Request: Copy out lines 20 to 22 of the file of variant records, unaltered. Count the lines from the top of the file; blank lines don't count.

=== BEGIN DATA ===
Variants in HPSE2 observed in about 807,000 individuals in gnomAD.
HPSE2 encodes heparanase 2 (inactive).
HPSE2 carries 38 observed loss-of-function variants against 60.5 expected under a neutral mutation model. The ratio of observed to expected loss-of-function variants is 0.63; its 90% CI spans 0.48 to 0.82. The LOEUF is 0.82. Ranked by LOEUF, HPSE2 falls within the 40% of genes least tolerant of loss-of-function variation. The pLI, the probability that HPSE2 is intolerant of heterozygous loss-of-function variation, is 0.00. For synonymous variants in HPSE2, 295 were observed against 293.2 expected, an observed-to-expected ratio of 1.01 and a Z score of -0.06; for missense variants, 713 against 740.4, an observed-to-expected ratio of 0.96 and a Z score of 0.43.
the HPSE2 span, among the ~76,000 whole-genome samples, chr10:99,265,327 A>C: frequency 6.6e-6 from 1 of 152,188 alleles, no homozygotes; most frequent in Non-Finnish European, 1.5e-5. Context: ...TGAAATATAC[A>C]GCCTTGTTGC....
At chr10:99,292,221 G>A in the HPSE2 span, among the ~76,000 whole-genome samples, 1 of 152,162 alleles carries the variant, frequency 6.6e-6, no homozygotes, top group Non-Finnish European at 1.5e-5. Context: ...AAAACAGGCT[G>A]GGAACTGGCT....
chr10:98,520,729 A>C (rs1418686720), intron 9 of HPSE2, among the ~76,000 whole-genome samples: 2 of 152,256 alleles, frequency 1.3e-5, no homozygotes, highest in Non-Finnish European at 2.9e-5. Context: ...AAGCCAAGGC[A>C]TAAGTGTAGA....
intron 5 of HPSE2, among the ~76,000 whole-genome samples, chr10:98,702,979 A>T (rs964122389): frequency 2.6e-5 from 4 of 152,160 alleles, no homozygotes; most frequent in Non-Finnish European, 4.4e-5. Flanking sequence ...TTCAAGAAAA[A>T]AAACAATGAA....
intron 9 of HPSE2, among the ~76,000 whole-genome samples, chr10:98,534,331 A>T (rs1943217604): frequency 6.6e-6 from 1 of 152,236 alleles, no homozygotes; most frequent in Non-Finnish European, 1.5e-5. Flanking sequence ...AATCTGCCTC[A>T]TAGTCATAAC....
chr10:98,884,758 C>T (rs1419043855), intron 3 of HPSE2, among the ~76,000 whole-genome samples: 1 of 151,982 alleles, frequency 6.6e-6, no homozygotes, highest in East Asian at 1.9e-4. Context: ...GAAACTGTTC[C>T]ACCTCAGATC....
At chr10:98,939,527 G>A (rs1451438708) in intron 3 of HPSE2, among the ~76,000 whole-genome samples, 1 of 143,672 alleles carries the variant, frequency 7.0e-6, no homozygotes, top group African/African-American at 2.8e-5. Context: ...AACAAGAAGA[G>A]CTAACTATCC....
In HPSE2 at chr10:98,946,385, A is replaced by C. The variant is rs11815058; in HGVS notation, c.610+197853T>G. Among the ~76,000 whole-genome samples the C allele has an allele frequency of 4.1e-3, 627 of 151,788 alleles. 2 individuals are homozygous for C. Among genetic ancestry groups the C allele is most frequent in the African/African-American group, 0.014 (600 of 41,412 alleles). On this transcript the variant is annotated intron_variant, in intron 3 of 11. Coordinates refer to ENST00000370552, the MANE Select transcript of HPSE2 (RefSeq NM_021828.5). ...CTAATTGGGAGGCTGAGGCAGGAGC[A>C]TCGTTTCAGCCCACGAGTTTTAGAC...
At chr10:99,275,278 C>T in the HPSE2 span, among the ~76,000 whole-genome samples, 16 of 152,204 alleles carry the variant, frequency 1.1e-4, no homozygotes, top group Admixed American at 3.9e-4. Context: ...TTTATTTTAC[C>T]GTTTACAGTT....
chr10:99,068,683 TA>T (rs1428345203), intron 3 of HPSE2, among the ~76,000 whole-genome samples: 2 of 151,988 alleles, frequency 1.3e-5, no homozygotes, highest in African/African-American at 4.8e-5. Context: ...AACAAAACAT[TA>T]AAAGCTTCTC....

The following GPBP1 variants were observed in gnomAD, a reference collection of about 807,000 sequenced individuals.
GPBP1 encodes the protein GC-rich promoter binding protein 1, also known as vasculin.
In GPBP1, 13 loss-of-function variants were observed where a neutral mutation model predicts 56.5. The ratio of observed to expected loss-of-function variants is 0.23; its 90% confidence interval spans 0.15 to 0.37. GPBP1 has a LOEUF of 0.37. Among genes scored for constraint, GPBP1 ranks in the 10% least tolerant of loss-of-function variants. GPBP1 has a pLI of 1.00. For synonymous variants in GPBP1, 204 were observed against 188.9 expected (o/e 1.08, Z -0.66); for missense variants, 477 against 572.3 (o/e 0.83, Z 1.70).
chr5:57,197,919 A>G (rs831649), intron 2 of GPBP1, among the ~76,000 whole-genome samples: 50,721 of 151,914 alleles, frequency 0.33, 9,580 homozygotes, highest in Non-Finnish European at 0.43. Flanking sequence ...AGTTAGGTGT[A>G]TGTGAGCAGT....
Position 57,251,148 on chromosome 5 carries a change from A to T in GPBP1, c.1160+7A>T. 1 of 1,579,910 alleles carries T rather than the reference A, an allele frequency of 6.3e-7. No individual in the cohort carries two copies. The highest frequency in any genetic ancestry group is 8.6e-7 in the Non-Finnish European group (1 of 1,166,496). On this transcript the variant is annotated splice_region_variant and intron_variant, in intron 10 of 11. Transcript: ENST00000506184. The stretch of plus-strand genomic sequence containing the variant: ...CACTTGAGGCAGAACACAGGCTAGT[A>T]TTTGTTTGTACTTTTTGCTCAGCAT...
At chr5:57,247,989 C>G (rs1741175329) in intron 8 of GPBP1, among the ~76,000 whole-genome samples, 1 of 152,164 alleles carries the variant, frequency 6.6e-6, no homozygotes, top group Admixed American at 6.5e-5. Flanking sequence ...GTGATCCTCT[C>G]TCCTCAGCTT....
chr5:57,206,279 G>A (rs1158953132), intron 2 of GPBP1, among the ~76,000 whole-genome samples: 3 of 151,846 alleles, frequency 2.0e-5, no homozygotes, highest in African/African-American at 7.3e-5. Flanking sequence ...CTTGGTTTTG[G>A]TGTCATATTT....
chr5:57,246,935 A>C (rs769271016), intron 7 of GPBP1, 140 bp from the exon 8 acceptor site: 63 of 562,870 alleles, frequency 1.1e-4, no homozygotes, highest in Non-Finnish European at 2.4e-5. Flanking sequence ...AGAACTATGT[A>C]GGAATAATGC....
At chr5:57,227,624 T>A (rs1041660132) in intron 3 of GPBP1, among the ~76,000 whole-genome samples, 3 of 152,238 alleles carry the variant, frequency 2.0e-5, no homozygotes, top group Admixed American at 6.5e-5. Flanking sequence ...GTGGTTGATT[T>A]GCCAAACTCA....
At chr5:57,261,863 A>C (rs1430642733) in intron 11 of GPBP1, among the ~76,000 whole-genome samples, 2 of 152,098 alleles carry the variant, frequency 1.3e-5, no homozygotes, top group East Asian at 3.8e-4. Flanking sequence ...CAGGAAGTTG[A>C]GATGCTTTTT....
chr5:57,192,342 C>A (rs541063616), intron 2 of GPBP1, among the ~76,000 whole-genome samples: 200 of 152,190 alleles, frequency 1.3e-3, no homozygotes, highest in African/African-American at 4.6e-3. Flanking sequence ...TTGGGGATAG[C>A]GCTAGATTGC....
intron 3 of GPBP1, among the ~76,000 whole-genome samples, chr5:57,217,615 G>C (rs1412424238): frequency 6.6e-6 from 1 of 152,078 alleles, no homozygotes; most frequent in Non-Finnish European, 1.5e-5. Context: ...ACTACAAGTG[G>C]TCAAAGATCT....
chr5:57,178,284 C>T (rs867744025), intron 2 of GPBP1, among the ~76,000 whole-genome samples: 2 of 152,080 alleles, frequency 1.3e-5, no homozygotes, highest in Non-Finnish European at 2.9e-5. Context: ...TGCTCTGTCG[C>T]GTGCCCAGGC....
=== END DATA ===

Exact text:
chr5:57,206,279 G>A (rs1158953132), intron 2 of GPBP1, among the ~76,000 whole-genome samples: 3 of 151,846 alleles, frequency 2.0e-5, no homozygotes, highest in African/African-American at 7.3e-5. Flanking sequence ...CTTGGTTTTG[G>A]TGTCATATTT....
chr5:57,246,935 A>C (rs769271016), intron 7 of GPBP1, 140 bp from the exon 8 acceptor site: 63 of 562,870 alleles, frequency 1.1e-4, no homozygotes, highest in Non-Finnish European at 2.4e-5. Flanking sequence ...AGAACTATGT[A>C]GGAATAATGC....
At chr5:57,227,624 T>A (rs1041660132) in intron 3 of GPBP1, among the ~76,000 whole-genome samples, 3 of 152,238 alleles carry the variant, frequency 2.0e-5, no homozygotes, top group Admixed American at 6.5e-5. Flanking sequence ...GTGGTTGATT[T>A]GCCAAACTCA....